Bagball Review
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Players: 2 players or teams (ages 6+)
Playing Time: about 20 minutes


Another warm, sunny spring weekend sent me outside to try out another new outdoor game. This week’s choice was a beanbag-tossing game called Bagball.

Bagball’s game board (a nylon board that has six holes, onto which nets are attached) has two sides, so you can use it to play two different games. On the Bagball side, each of the board’s six nets has a point value, from 10 to 30 points. Players each get three beanbags (either red or blue), and they stand 10-15 feet away from the board, taking turns throwing their bags. If one of the bags lands inside a net, that player gets the designated number of points. Once both players have thrown their three bags, the round is over. Players add up their points and keep track of them using the counter at the top of the game board—then the next round begins. The first player to 300 points wins the game.

  
 
On the other side of the board is a baseball-themed game called Big League Bagball. For this game, the nets are no longer assigned point values. Two of them are Out. The other four are hits—Single, Double, Triple, or Home Run. The game is played in nine innings. In each inning, each player gets to be both a batter and a fielder. The batter is given four square beanbags to throw. If he or she manages to get the bag into one of the Hit nets, the fielder has a chance to try to throw one of his or her two round beanbags into one of the two Out nets. If successful, the hit doesn’t count. If unsuccessful, play continues. Once the batter either gets three outs or tosses all four bags, the batter tallies up his or her runs and keeps track of the score on the game board. Then players switch, the batter becoming the fielder and vice versa. The player with the most points at the end of nine innings is the winner.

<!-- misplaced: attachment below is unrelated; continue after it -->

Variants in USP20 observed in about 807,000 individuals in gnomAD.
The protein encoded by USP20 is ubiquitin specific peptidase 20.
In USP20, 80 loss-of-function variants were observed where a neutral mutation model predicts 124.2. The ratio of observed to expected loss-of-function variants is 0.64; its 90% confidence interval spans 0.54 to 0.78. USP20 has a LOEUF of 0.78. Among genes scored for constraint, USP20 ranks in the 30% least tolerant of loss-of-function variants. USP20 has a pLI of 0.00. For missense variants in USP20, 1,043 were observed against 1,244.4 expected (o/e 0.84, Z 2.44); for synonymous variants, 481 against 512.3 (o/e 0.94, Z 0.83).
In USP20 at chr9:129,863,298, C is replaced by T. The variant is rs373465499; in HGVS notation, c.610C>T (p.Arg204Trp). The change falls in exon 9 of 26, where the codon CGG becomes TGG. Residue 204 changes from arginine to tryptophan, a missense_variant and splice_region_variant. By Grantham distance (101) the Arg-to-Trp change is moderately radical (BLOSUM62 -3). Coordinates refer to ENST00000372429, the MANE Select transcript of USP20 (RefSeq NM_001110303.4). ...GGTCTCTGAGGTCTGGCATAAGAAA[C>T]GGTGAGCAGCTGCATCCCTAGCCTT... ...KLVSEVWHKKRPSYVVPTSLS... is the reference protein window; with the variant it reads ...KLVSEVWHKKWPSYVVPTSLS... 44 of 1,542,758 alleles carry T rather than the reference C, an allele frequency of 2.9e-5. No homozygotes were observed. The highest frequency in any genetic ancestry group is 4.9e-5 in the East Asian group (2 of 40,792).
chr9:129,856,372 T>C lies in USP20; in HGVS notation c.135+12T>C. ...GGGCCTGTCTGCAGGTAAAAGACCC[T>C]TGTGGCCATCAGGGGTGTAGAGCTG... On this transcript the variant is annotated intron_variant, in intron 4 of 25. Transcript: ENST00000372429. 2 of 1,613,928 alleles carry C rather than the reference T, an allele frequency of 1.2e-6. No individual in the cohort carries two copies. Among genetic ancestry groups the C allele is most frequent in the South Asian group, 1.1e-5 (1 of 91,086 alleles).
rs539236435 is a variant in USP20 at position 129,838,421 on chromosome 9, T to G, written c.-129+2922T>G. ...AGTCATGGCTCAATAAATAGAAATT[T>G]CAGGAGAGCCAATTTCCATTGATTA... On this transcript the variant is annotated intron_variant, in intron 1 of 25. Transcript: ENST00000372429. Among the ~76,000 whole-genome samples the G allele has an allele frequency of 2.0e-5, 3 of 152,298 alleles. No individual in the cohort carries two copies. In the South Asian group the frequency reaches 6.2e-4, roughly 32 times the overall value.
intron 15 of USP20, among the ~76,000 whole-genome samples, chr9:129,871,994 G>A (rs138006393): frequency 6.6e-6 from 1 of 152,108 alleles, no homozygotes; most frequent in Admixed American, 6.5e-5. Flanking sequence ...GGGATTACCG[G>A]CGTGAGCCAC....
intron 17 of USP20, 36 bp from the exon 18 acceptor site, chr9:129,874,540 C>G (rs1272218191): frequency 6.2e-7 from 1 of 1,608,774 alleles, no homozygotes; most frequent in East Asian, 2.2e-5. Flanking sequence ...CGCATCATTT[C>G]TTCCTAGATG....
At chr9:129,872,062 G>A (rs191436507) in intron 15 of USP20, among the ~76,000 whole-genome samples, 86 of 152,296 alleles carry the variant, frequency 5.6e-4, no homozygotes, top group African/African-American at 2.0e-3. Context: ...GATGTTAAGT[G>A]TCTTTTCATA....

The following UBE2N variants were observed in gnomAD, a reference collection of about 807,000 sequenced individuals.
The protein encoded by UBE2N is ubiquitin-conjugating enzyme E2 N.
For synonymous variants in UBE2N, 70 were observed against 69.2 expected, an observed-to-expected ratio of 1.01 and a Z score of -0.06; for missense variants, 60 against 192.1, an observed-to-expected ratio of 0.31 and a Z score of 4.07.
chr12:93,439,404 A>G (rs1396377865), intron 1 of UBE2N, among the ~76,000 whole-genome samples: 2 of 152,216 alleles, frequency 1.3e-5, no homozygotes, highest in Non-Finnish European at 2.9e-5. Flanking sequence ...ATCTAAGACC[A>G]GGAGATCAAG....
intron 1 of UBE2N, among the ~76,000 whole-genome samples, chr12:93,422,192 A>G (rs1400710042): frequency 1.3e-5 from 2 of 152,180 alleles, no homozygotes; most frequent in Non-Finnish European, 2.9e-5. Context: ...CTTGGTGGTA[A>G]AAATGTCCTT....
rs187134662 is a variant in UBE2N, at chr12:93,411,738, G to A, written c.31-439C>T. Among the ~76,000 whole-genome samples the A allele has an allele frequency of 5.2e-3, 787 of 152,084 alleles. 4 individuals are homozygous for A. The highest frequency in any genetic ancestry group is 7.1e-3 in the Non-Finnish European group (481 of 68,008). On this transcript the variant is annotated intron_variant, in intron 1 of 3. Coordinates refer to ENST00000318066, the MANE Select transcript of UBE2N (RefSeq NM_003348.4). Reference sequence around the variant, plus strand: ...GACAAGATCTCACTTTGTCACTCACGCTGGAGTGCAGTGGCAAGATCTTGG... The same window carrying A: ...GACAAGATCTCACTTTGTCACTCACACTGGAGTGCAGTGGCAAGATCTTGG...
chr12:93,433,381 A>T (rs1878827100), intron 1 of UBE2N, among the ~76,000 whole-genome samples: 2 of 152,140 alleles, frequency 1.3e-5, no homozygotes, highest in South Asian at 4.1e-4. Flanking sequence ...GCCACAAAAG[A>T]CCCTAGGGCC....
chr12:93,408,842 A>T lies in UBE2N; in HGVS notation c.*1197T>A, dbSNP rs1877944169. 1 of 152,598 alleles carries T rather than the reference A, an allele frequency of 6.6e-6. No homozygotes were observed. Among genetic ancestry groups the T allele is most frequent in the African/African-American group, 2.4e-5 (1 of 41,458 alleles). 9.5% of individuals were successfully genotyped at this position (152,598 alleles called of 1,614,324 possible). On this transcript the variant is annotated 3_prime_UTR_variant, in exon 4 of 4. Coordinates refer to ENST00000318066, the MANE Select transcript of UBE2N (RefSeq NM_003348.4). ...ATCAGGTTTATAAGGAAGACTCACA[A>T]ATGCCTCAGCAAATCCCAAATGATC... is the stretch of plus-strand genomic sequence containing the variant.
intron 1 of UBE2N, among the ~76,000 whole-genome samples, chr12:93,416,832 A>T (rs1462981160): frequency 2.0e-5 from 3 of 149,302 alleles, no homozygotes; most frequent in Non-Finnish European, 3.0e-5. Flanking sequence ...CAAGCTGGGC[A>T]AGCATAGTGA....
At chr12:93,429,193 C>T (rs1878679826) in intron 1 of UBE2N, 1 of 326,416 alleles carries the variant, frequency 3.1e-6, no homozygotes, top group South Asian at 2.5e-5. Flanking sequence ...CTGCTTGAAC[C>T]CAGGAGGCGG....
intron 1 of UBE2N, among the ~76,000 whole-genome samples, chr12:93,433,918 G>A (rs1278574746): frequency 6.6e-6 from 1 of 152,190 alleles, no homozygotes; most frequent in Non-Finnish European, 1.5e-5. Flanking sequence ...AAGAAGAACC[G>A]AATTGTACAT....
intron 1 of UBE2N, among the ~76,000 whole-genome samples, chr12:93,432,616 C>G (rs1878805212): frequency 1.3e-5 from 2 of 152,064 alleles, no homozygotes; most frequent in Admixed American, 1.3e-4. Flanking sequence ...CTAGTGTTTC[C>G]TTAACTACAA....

Before you can play Bagball, there’s some rather complex assembly required. Fortunately, though, once the board is set up, there’s no taking it apart and putting it back together next time—the board just stays assembled. Of course, that also means it requires some storage space—and it’s not as portable as some other outdoor games. But it does save setup time.

Bagball definitely provides a challenge—because it’s not as easy as it may look. Often, even if you do get a beanbag into a net, it’ll come flying right back out again—and that can sometimes be a bit frustrating. It’s not really a skill that will improve with practice, either. Actually, I got worse.

I’ll be honest here—this game made me say some words that shouldn’t be said in front of young players. But if you’re capable of relaxing and letting go of your competitive side, it’s a straightforward game that will challenge players of all ages—without anyone having much of an unfair advantage. And I love the fact that you can keep score right on the game board—instead of having to keep track of your points in your head.

I recommend Bagball over Big League Bagball, which is more complex—and a little confusing. If you know the rules of baseball, you’ll be able to figure it out, but there are still a lot of things to keep track of. It poses even more of a challenge, and the rules aren’t nearly as straightforward.

When it comes to outdoor games, Bagball is good for some outdoor family fun—but if you’re looking for something that’s both simple and portable, I’d recommend picking up Top Toss instead.

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